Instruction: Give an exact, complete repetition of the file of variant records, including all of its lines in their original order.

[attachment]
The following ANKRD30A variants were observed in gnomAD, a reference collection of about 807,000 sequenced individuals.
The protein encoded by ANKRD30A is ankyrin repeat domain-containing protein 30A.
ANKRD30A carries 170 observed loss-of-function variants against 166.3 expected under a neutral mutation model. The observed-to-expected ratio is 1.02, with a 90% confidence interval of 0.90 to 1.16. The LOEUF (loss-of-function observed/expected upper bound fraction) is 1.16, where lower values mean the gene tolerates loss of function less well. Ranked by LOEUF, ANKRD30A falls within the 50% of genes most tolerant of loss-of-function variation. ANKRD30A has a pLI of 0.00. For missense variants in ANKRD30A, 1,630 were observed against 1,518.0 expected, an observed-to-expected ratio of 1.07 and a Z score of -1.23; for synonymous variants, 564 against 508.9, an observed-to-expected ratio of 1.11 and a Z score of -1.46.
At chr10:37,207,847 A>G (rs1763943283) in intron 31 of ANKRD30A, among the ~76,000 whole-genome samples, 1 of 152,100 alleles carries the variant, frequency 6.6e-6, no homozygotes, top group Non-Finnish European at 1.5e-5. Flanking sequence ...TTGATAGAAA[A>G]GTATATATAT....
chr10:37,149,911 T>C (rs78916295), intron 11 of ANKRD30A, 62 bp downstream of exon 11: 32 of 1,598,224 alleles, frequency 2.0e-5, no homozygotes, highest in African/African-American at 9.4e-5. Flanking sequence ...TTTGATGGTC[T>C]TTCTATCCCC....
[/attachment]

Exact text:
The following ANKRD30A variants were observed in gnomAD, a reference collection of about 807,000 sequenced individuals.
The protein encoded by ANKRD30A is ankyrin repeat domain-containing protein 30A.
ANKRD30A carries 170 observed loss-of-function variants against 166.3 expected under a neutral mutation model. The observed-to-expected ratio is 1.02, with a 90% confidence interval of 0.90 to 1.16. The LOEUF (loss-of-function observed/expected upper bound fraction) is 1.16, where lower values mean the gene tolerates loss of function less well. Ranked by LOEUF, ANKRD30A falls within the 50% of genes most tolerant of loss-of-function variation. ANKRD30A has a pLI of 0.00. For missense variants in ANKRD30A, 1,630 were observed against 1,518.0 expected, an observed-to-expected ratio of 1.07 and a Z score of -1.23; for synonymous variants, 564 against 508.9, an observed-to-expected ratio of 1.11 and a Z score of -1.46.
At chr10:37,207,847 A>G (rs1763943283) in intron 31 of ANKRD30A, among the ~76,000 whole-genome samples, 1 of 152,100 alleles carries the variant, frequency 6.6e-6, no homozygotes, top group Non-Finnish European at 1.5e-5. Flanking sequence ...TTGATAGAAA[A>G]GTATATATAT....
chr10:37,149,911 T>C (rs78916295), intron 11 of ANKRD30A, 62 bp downstream of exon 11: 32 of 1,598,224 alleles, frequency 2.0e-5, no homozygotes, highest in African/African-American at 9.4e-5. Flanking sequence ...TTTGATGGTC[T>C]TTCTATCCCC....